The School

School of Piano Technology for the Blind to close and establish Endowment Fund


After nearly seven decades of teaching and training blind and visually impaired students to tune and repair pianos, the School of Piano Technology for the Blind has elected to close its doors effective later this year. The piano retail sales will also wind down operations over the next few months, however the piano tuning program will continue to operate as before through a succession plan that is being finalized.

Although the school has experienced great success over the years, the world has changed in ways that have impacted the organization’s core programming. Most importantly, educational and employment opportunities for the blind and visually impaired have improved dramatically. While the school’s board, which includes members of Emil’s family, has found this to be a very difficult decision, they are also pleased that members of the blind and visually impaired community have so many more employment options from which to choose.

With these factors in mind, the board of directors has determined that it is in the best interest of the organization to dissolve its operations. The organization will transfer its assets into a permanently endowed fund in the name of Emil B. Fries. This fund will allow the use of the school’s assets to create a larger impact through annual grants to organization serving the blind and visually impaired community.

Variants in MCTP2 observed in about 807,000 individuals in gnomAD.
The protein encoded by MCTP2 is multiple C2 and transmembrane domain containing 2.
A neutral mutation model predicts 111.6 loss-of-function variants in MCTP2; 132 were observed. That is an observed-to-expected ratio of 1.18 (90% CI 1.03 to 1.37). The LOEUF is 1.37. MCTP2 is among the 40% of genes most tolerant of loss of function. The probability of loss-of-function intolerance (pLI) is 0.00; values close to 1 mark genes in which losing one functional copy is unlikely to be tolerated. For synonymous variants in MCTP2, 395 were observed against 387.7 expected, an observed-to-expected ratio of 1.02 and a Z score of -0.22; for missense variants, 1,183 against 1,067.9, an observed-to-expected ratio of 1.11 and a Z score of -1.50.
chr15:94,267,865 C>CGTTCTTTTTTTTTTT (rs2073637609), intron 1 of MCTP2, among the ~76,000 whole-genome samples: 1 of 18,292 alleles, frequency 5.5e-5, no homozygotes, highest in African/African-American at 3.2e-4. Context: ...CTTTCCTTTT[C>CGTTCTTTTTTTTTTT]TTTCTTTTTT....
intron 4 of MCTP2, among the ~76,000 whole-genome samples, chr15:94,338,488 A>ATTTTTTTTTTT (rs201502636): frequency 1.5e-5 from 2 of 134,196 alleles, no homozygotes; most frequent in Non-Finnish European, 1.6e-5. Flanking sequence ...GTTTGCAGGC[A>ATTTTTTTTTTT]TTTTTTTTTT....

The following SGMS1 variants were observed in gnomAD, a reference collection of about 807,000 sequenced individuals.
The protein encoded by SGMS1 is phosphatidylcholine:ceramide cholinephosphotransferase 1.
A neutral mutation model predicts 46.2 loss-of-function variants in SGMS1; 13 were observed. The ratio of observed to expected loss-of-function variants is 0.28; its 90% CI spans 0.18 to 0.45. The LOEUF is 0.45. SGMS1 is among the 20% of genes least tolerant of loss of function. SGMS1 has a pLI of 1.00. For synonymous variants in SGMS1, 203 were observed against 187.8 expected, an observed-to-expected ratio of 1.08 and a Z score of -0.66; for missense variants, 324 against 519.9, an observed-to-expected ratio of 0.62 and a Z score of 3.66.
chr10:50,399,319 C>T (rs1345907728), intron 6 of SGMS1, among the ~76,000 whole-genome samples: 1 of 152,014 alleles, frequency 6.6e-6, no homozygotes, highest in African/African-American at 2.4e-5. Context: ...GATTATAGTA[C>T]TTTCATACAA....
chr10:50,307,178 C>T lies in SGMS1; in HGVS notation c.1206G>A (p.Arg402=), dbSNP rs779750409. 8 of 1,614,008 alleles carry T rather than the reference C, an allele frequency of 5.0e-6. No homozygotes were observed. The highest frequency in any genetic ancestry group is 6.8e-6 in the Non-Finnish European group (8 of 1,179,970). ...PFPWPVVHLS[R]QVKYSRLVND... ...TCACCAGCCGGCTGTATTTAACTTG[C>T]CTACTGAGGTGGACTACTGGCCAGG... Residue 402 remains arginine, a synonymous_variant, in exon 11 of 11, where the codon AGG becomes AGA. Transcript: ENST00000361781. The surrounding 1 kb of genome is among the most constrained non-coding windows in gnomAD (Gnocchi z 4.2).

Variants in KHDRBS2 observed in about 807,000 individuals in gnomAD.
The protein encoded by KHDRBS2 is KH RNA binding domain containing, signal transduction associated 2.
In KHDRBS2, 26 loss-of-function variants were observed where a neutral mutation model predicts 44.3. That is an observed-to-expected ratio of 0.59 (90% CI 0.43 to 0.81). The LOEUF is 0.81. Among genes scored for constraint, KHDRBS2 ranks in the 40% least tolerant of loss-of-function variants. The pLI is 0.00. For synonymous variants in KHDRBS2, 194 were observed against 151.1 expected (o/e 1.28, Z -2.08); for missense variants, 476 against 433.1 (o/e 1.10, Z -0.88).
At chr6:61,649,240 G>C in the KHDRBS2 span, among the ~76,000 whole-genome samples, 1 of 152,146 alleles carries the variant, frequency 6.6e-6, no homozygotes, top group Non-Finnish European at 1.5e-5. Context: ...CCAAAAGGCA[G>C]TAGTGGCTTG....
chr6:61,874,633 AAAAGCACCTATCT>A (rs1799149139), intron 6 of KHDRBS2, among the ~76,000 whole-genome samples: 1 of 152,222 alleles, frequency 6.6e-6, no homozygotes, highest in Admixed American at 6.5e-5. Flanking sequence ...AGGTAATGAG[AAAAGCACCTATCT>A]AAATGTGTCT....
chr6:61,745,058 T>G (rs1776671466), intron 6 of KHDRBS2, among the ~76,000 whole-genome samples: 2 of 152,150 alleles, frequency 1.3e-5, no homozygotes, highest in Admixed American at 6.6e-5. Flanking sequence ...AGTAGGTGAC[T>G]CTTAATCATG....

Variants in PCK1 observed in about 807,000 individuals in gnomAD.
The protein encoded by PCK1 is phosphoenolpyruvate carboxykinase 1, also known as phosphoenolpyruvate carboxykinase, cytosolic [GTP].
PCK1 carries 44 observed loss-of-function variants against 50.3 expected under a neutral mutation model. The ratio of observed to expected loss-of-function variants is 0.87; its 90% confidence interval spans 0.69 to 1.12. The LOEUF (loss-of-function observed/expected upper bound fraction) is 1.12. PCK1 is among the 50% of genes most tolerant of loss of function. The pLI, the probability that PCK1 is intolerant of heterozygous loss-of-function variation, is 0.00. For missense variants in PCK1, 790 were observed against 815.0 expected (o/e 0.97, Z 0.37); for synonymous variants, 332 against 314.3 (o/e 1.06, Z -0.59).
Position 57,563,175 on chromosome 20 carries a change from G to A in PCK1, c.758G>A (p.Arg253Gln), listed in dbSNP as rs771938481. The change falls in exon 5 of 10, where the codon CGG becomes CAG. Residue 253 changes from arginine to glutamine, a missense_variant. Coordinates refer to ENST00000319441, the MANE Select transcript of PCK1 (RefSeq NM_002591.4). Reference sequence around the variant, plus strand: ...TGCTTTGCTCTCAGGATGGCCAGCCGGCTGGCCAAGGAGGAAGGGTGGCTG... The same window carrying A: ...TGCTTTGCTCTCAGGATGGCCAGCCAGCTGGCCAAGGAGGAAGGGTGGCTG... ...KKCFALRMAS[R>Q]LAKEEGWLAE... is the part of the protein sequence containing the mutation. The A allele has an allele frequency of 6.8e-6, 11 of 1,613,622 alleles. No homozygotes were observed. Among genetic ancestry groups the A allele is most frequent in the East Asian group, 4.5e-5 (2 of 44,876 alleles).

Established in 1949 by Emil Fries, the school has graduates from more than forty states and sixteen foreign countries and has served as the only vocational training program of its kind.  Emil was a graduate of the Washington State School for the Blind, and as board member and family representative Doug Hunt noted, “When my grandfather, Emil founded the school there were very few options available for blind and visually impaired individuals to find work that provided true financial independence. The record shows that 70 percent of the school’s graduates went on to a career in the piano technology field and have earned up to $75,000 per year, with an annual average of $46,000. More than anything, Emil was a visionary who helped open the door for blind and visually impaired individuals to pursue a wide array of career options, and we know that he would be proud to have left such a legacy.”

The board wishes to acknowledge and thank the many foundations, individual donors, and volunteers who have generously supported the school with their time, talent, and resources over these many years. This support has enabled us to change the lives of our students, enrich communities and maintain a solid financial position that will establish Emil’s endowment and continue to benefit causes supporting blind and visually impaired individuals.”

If you have any questions, please feel free to call or email:
Cheri Martin, Executive Director, (360) 693-1511